US researchers hoping to shed light on dark energy
Telescope gets major upgrade for study on one of the great mysteries of the universe
Scientists involved in the Hobby-Eberly Telescope Dark Energy Experiment at the McDonald Observatory in west Texas hope to gain a better understanding of the mysterious dark energy. Photograph: Ethan Tweedie
The Hobby-Eberly Telescope at the McDonald Observatory in Texas had to undergo an upgrade for the research project, with more powerful spectrographic mirrors being added. Photograph: Ethan Tweedie
Dr Matthew Shetrone, senior research scientist at the Hobby-Eberly Telescope Dark Energy Experiment at the McDonald Observatory in west Texas. He says dark energy is “one of the great mysteries of modern astronomy”
“Astronomers have a tendency to attach the word ‘dark’ to anything they don’t understand.”
They’re not the only ones. Humans have always associated darkness with the unknown. Historians refer to Europe’s lowest period for literacy and learning as the “Dark Ages”. Colonialists described Africa as the “Dark Continent” until the region had been conquered in its entirety.
Then there’s the identification of “dark matter” as the discarnate force holding more familiar matter – such as planets, stars and gases – together.
Once more the label doth pass to civilisation’s newest “known unknown” – dark energy. This one is a doozy.
“Dark energy is one of the great mysteries of modern astronomy,” explains Dr Matthew Shetrone, senior research scientist at the Hobby-Eberly Telescope Dark Energy Experiment at the McDonald Observatory in west Texas.
While often confused, dark matter and dark energy couldn’t be any more different. The former refers to the attractive force holding galaxies together, while dark energy is the working title for the anti-gravitational force believed to be causing the universe to expand.
“Every piece of matter in the universe attracts every other piece of matter,” says Dr Shetrone.
“You can compare the values of each and get a constant for gravity. But when one actually adds up the values of all the stars and planets we can see within a given galaxy, the math doesn’t work out. That’s because dark matter hasn’t been accounted for, the force which causes baryons [matter we understand like stars, planets and gases] to stay so tightly held together within galaxies.”
Holding galaxies together
Dark energy refers to activity on a far greater scale. It’s not about merely holding galaxies together but how whole groups of galaxies within the wider universe can be inflating. “Dark energy refers to the pushing force, or ‘antigravity’, responsible for the universe’s expansion.”
The term was first coined in 1998 by cosmologist Michael Turner and was discovered through observations of supernovae in relatively close galaxies.
“When a supernova explodes it becomes quite bright, but you can see it less and less clearly, the further away you go. So we realised they could be used as metrics – they all ignite and blow up more or less in the same way. It’s what we refer to as a standard candle: when you know the brightness of a supernova, you can tell how far away it is.”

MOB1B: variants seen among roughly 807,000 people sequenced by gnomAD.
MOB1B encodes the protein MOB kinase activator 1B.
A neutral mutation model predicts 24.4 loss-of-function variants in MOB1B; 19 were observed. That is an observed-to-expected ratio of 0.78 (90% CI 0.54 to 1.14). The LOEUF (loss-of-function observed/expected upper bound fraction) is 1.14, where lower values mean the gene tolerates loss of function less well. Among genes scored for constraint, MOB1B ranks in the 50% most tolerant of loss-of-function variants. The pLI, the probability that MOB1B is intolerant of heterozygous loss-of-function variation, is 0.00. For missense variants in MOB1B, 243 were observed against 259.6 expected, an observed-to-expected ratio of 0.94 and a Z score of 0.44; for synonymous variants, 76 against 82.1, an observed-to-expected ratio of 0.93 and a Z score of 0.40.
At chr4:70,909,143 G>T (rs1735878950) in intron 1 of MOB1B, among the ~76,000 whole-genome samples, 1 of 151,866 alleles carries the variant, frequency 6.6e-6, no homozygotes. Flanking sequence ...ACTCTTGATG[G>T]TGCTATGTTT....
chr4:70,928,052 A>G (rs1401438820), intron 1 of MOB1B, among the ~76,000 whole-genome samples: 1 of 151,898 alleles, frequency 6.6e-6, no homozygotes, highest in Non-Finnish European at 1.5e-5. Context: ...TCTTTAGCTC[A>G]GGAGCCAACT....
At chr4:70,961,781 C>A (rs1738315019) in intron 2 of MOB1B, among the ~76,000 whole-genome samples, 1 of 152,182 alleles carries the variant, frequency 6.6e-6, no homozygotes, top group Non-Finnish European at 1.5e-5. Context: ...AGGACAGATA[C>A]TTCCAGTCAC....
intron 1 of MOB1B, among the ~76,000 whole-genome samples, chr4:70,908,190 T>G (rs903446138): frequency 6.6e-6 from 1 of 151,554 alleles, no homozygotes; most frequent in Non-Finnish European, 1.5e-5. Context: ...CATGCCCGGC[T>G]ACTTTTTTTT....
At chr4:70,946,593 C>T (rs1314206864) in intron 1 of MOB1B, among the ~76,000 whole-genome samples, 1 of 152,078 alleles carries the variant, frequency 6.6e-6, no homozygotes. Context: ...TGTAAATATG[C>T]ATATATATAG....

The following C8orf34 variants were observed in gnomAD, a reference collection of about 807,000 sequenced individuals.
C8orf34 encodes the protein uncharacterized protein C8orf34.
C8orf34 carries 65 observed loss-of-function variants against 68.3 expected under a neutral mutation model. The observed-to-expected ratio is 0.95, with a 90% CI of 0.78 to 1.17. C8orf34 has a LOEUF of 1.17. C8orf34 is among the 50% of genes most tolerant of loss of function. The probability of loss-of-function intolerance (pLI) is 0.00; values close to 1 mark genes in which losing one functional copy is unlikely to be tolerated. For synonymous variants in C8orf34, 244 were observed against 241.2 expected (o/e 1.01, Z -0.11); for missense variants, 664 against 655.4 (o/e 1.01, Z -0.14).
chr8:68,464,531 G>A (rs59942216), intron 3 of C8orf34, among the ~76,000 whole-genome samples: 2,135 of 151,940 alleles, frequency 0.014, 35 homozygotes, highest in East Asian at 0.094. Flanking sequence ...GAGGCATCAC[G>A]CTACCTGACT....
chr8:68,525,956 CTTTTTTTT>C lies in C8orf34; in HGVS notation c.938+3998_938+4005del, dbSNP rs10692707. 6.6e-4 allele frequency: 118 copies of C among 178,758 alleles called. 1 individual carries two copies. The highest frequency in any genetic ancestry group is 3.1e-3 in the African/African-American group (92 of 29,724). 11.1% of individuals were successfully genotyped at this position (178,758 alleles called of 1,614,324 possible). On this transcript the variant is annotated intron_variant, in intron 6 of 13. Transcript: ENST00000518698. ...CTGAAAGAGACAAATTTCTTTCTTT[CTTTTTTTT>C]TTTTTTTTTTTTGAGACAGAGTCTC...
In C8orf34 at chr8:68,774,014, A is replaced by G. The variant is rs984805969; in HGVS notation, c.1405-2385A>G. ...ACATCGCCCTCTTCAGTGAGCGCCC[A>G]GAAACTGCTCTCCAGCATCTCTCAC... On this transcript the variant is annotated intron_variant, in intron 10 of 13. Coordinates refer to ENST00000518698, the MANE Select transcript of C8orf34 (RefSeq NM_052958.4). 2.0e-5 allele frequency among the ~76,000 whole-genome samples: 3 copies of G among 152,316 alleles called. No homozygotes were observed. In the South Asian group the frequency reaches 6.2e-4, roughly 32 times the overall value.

Since the late 1990s the body of research into so-called antigravity’s impact on the universe has focused on the nearer term. “Studies based on observations of dark energy dated from around one billion years ago are ongoing elsewhere ,” says Shetrone. “What we’re trying to do is look much further back, about 10 billion years into the past.”
In so doing it is hoped astronomers will be able to determine whether or not dark energy has always been present or if it evolved in the universe later.
To do this, the Hobby-Eberly Telescope (HET) – one of the world’s largest optical telescopes, designed specifically for spectroscopy, which refers to the decoding of light from stars and galaxies to study their properties – at the McDonald Observatory had to undergo an upgrade with more powerful spectrographic mirrors added.
The HET was originally used for a variety of astronomical and cosmological studies. It is almost a decade, however, since the bold decision was made to stop conducting any experiments unrelated to dark energy during the hours of the day when the moon is down so that they could try and gain more insight into what is still one of the more unknown knowns.
“We needed a brand new instrument with a wider field of view on the sky,” says Dr Shetrone. “The top end of the telescope is bigger and heavier, almost like we have put a macro lens on a camera.
“We also had to include new software systems, meaning all old operations had to stop while we replaced everything. It has taken three years to achieve this.”
The Hobby-Eberly Telescope Dark Energy Experiment only began their research in December 2016. So the research group is literally starting at the very beginning.
Dr Shetrone is philosophical about embarking on a research project with so little existing research to work with. “Astronomers have a tendency to attach the word ‘dark’ to anything they don’t understand,” he says.
“If you look back over astronomy, you’ll learn how in Einstein’s day we interpreted the universe to be this static entity. Then Hubble showed the universe was expanding, but when we looked in more detail we found it was expanding faster than the speed of light.
“So every time we start to get a handle on things, some new mystery far stranger than anything that has come before, reveals itself. Our attempts to force models on to the universe are so that we can tell ourselves we understand it. That doesn’t mean the universe will obey.”